In IFR conditions, navigation is performed via a network of navigational aids (NAVAIDs) which can provide vertical and lateral guidance to an aircraft. In Instrument Meteorological Conditions (IMC), there is a high degree of dependency placed on these NAVAIDs in terms of the safe navigation of the aircraft.
NAVAIDs such as VORs are comprised of ground-based stations which require regular inspection and maintenance by the relevant authority. This maintenance includes ensuring the equipment is calibrated to a high degree of accuracy.
In controlled airspace, NAVAIDs are monitored regularly by the pertinent Air Navigation Service Provider (ANSP) of that area. This monitoring is generally by default. Monitoring a NAVAID will typically consist of a communication system in place in which personnel can regularly check for failure or malfunctions of NAVAIDs. This system also allows for notifications to be made to personnel regarding an occurrence of failure of a NAVAID.
However, there are instances in which the ANSP does not have the monitoring capability for certain NAVAIDs. An unmonitored NAVAID is when there is an absence of personnel monitoring the operational status and correct functionality of a NAVAID. In this circumstance, a Notice to Airmen (NOTAM) will be issued in relation to the unmonitored status of the NAVAID. The declaration of unmonitored status will be stated as either “UNMON” or “NOT MNT” on the NOTAM.
An unmonitored NAVAID means that in the event of a system failure, there are no notifications or monitoring reports issued to the ANSP in the area. It indicates that there is no indication available as to the correct functionality of the NAVAID. This means that the flight crew has no personnel to report NAVAID failures to. With no personnel present to rectify malfunctions, the NAVAID becomes Unserviceable (U/S).
During IFR flight planning, the monitored/unmonitored status of the NAVAIDs enroute should be taken into consideration. This is particularly essential for NAVAIDs utilized during critical phases of flight (takeoff, approach, and landing).
The key factor for careful planning around monitored and unmonitored NAVAIDs is IMC conditions. In IMC conditions, there is a higher degree of reliance on NAVAID and instrument approach systems. As a result of this, the alternate arrival airport must have monitored NAVAIDs.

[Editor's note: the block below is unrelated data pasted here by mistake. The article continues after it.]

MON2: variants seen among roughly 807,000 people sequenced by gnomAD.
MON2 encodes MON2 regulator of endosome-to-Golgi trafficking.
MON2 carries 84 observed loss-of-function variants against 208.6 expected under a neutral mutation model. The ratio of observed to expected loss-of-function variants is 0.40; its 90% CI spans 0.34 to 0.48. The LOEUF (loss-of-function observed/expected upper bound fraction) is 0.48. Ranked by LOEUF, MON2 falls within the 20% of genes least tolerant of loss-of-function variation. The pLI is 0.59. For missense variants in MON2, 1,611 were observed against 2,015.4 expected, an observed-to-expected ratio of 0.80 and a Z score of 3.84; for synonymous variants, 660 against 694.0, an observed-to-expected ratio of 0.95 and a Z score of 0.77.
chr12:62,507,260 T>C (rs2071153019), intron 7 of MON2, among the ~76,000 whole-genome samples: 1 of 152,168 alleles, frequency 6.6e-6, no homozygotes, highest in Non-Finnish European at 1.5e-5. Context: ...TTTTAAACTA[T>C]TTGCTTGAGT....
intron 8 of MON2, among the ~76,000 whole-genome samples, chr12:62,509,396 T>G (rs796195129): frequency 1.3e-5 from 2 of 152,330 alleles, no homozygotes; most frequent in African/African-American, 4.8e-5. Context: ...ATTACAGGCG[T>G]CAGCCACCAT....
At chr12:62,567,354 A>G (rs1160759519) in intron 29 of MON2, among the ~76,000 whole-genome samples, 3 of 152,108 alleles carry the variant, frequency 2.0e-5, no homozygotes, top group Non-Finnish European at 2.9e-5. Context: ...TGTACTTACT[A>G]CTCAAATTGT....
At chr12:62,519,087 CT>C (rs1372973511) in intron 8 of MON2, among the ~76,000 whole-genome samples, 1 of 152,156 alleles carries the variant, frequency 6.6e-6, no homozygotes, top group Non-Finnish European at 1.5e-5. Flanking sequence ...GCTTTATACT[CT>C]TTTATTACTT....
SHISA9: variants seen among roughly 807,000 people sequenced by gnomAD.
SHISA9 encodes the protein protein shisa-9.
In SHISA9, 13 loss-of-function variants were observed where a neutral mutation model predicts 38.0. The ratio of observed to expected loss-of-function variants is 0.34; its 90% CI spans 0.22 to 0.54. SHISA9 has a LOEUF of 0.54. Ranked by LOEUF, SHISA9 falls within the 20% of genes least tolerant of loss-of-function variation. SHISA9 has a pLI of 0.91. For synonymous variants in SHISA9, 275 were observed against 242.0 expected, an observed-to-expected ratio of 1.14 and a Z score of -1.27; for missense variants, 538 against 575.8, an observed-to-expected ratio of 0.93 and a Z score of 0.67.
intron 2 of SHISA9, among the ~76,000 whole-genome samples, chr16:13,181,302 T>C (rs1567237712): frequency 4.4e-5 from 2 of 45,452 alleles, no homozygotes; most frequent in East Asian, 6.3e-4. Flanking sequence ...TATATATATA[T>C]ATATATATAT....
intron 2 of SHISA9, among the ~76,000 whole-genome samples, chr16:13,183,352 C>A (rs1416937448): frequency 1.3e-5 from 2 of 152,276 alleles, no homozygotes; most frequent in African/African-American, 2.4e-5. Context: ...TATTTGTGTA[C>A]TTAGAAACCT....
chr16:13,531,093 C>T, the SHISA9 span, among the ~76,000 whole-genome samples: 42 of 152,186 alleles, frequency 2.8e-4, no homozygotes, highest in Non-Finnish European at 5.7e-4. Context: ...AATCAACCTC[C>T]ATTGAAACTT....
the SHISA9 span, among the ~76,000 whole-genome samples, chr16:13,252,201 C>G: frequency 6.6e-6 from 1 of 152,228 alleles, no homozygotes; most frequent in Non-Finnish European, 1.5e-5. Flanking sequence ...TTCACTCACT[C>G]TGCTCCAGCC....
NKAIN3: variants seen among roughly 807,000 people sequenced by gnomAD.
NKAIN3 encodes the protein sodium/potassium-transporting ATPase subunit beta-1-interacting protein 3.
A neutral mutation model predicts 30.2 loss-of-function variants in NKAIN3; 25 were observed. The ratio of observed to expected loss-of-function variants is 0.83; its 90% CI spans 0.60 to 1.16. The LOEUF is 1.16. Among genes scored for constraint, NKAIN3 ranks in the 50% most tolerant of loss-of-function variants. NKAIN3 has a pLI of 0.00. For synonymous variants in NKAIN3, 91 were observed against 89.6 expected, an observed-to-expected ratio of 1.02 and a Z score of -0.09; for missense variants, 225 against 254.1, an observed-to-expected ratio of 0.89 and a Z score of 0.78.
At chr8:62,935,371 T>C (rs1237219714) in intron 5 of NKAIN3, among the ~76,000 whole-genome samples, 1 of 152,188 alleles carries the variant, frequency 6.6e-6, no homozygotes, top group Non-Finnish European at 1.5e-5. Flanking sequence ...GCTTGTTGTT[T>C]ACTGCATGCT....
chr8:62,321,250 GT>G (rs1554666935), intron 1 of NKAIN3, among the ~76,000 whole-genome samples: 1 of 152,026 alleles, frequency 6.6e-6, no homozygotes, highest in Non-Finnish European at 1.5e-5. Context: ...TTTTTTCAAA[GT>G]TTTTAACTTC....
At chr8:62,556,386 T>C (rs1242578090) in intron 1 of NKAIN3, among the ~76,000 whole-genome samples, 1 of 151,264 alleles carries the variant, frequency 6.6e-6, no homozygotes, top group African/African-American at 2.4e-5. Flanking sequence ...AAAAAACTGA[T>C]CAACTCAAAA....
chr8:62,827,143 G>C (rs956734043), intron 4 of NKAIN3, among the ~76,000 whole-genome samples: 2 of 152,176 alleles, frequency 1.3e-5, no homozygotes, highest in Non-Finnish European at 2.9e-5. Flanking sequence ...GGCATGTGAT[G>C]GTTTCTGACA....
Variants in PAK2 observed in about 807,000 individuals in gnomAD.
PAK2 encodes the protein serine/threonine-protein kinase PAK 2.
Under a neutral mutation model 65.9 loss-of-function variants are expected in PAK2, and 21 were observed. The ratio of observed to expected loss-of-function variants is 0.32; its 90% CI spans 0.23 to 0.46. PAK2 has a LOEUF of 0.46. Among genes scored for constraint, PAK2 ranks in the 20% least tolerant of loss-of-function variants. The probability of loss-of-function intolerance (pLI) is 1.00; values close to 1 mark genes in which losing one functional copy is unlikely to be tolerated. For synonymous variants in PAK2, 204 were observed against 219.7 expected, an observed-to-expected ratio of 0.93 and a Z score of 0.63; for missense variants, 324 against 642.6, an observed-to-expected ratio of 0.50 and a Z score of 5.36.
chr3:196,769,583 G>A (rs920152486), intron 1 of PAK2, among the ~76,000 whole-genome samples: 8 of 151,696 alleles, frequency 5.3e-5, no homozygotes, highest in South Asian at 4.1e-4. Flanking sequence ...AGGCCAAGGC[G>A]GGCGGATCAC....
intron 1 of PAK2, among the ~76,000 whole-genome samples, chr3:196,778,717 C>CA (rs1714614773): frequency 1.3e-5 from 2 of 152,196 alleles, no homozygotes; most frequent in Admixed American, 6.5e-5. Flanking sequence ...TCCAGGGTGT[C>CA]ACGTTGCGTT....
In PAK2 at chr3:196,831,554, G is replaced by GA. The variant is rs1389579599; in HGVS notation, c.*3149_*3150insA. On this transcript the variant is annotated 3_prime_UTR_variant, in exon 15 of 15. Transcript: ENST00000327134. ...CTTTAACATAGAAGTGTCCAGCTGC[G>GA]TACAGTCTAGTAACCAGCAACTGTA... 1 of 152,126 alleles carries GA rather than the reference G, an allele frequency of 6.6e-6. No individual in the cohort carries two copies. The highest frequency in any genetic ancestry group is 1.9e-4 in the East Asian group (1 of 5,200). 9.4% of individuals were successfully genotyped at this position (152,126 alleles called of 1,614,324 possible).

Unmonitored NAVAIDs can be commonly found at uncontrolled airports or airports with limited ATC service available. Uncontrolled airports or limited ATC operations are generally found at smaller, regional airports where there is no sense from either an economical or operational aspect for the airport to be controlled around the clock.
NAVAID Unserviceable (U/S)
A NAVAID that is U/S or inoperative will be declared by the accountable personnel who monitor the NAVAID. With an unmonitored NAVAID, there can be a lag in the correct operational status of the NAVAID due to the lack of personnel monitoring and verifying the functionality of the NAVAID.
As a result, there is no verification available to the flight crew as to the status of the NAVAID in relation to system failures. This can lead to confusion as to diagnosing system or component failures – flight crew may not be aware as to if on-board equipment is malfunctioning or if it’s the NAVAID. In certain flight environments where there is a high workload placed on flight crew due to weather conditions and other factors, this is particularly strenuous to identify.
The challenges faced with unmonitored NAVAIDs were highlighted in a 2000 incident involving a Boeing 767 on approach to Faleolo Airport, Samoa. The aircraft was conducting an ILS approach utilizing unmonitored glideslope equipment. The glideslope produced erroneous readings to the flight crew on the flight deck.
The aircraft descended below the correct glide path profile as a result, almost leading to a collision with terrain. Due to prompt response by the flight crew, the erroneous glideslope readings were identified and a go-around was executed.